2019 will be a year of consolidation for British Investment Group, PFE International and the companies within its group – Durban-based Van Dyck Floors and Hammarsdale based truck tyre recycler, Mathe Group and PFE Extrusion, which produces polypropylene fibre and bulk continuous filament yarn.
For managing director, Dr Mehran Zarrebini, and the approximately 700 employees across the group, it will be business as usual with further major investments still on the table but likely to materialise only in the longer term.
“We’ve done quite a bit of investment over the past five years, so it’s a matter of leveraging off this and trying to ensure that whatever capacities we’ve brought on stream can be fully utilized. During 2019, we’ll be taking a consolidative approach and focusing on improving efficiency and productivity, Zarrebini explained.
He pointed out that, during 2018, economic difficulties that impacted negatively on the manufacturing sector as a whole. These were a continuation of a downward trend from previous years. While some issues that had contributed towards a volatile rand and spiraling raw material and production costs had been locally instigated, global geo political issues that had impacted on emerging markets and over which South Africa had no control had also increased pressure on local producers.
He cautioned that there were no quick fixes and 2019 promised to be another challenging year. However, he remains cautiously optimistic and noted that both international investors such as PFE International and local manufacturers needed to take a longer term view of recovery.
“Both existing investors and those considering coming into this country can’t be myopic. There may be challenges but there are also a lot of opportunities to generate growth. We are in a similar position to 2008/9 and we need to take a 10 to 20-year view rather than a shorter, five- year approach. Right now, it is a question of mitigating risks in a turbulent landscape. You have to focus on being more resilient rather than on performance perse. That way, you will build internal capacity to ride out the economic head winds and ultimately find yourself in a far stronger position,” he advised.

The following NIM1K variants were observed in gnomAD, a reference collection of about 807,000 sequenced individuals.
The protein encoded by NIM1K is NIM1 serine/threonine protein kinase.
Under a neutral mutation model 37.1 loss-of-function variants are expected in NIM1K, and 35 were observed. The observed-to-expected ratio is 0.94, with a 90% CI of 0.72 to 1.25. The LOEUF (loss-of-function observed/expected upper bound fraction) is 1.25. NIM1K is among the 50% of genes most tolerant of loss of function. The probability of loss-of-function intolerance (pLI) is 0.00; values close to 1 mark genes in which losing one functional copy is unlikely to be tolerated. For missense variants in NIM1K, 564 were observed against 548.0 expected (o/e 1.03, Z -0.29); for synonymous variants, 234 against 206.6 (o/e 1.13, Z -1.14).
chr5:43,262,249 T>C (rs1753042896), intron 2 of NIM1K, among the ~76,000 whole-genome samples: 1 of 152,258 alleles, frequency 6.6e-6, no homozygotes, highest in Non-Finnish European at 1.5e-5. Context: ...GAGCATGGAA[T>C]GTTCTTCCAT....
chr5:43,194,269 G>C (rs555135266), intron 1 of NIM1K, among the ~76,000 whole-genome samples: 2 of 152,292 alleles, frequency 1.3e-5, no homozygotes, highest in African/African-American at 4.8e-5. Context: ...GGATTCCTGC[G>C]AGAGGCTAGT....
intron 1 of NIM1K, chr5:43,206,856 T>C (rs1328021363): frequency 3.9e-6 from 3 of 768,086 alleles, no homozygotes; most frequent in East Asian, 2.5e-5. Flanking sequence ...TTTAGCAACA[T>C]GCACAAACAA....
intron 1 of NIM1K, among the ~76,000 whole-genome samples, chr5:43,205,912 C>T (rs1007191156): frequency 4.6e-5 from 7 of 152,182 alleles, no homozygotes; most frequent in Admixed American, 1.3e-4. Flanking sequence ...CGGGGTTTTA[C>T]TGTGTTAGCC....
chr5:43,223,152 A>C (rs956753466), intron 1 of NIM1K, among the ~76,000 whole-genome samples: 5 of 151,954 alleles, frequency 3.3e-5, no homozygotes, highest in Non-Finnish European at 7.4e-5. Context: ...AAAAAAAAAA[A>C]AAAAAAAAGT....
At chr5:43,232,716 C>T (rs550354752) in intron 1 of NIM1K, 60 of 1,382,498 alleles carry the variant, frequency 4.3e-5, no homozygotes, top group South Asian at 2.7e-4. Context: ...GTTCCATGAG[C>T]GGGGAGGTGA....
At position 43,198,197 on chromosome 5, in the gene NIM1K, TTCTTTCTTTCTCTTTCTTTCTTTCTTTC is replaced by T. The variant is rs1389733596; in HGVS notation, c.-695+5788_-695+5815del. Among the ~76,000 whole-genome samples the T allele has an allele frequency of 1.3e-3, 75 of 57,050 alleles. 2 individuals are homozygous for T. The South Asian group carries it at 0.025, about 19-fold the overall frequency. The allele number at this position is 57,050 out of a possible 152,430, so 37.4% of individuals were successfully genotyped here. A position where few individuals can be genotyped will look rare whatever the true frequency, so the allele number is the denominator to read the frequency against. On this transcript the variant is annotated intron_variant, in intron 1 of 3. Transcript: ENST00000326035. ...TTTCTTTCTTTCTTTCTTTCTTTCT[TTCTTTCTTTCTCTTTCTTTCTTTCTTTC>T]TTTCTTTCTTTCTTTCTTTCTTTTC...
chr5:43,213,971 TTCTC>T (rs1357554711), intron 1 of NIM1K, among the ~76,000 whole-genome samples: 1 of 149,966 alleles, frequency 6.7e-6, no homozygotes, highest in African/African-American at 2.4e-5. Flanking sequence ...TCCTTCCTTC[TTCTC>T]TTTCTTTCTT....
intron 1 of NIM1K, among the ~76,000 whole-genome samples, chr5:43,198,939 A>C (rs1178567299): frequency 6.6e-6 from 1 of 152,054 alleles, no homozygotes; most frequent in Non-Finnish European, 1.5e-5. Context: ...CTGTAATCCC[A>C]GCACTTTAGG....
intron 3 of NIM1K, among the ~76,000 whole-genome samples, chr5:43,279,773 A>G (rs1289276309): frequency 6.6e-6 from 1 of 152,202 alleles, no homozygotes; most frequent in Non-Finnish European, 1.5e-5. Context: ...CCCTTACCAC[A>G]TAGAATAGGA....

Zarrebini said that companies within the PFE International stable had registered strong performances during 2018 with truck tyre recycler, Mathe Group, more than doubling production and PFE Extrusion increasing volumes by 25 percent by broadening its client base and working closely with its new companies on research and development.
Van Dyck Floors, which had maintained level growth over the past two years, came under the greatest pressure during 2018 because it operated in both the commercial and residential markets.
“Whereas, in the past, the commercial market has always been buoyant while the residential market came under pressure due to shrinking disposable incomes, last year we saw contraction within the commercial market. The construction sector came under considerable pressure. This reflected in a decline in new developments as well as less refurbishment of existing properties.”
He added that this highly competitive market had also been pressured by growing demand for ceramic flooring and an erosion of the soft flooring market as well as competition from imports from the Far East.
He said that Van Dyck Floors intended to develop new business and grow its share of the stagnant flooring market during 2019. This would enable it to maintain margins whilst increasing volumes in order to offset rising production costs.
“Like all companies, our manufacturing cost base is increasing year on year. We’ve been fortunate in that we haven’t reduced our employment figures since we bought the company and it is our aim to remain like this so we have to increase sales and develop both local and export markets,” he pointed out.
So far, Van Dyck Floors has performed well in South Africa, Zimbabwe, Botswana, Lesotho and Namibia. There are plans to expand further north and to establish a presence in Ghana, Cameroon, Nigeria and Kenya.
Zarrebini said that Van Dyck Floors had positioned itself differently when it came to both its soft and hard flooring ranges and had expanded its product offering dramatically which would place the company in a positive position for 2019.
“This will have a very positive impact in 2019. During 2018, we began to see the positive effect of differentiation. Even though the market is constrained, products that are highly differentiated and unlike others in the market have registered strong performance and good sales. There are still buyers who have disposable income to spend on products where they see value so we are hoping to tap into markets that were previously unexplored,” he said.
One of the biggest success stories has been the roll out of a national Easigrass franchise network. According to Zarrebini, sales have grown dramatically during 2018. Although this was initially concentrated in the Western Cape, the well-known British artificial turf brand has quickly gained traction in other provinces as well as in neighbouring countries such as Namibia, Zimbabwe and Botswana.
He said that Easigrass would target opportunities in the commercial sector during 2019 and intended growing its franchise network.
“A number of new products have been developed specifically for South Africa. We will continue to import and add new products that are better suited to the local market whilst also manufacturing some products locally. This is having a very positive impact on our high volume customers,” he added.
Overall, he said that Van Dyck Floors had increased its supplier base and was now working with some of the biggest and most innovative companies in the world. Companies across the group would develop even stronger relationships with experts in their fields and leverage off this in order to launch more innovative products during 2019.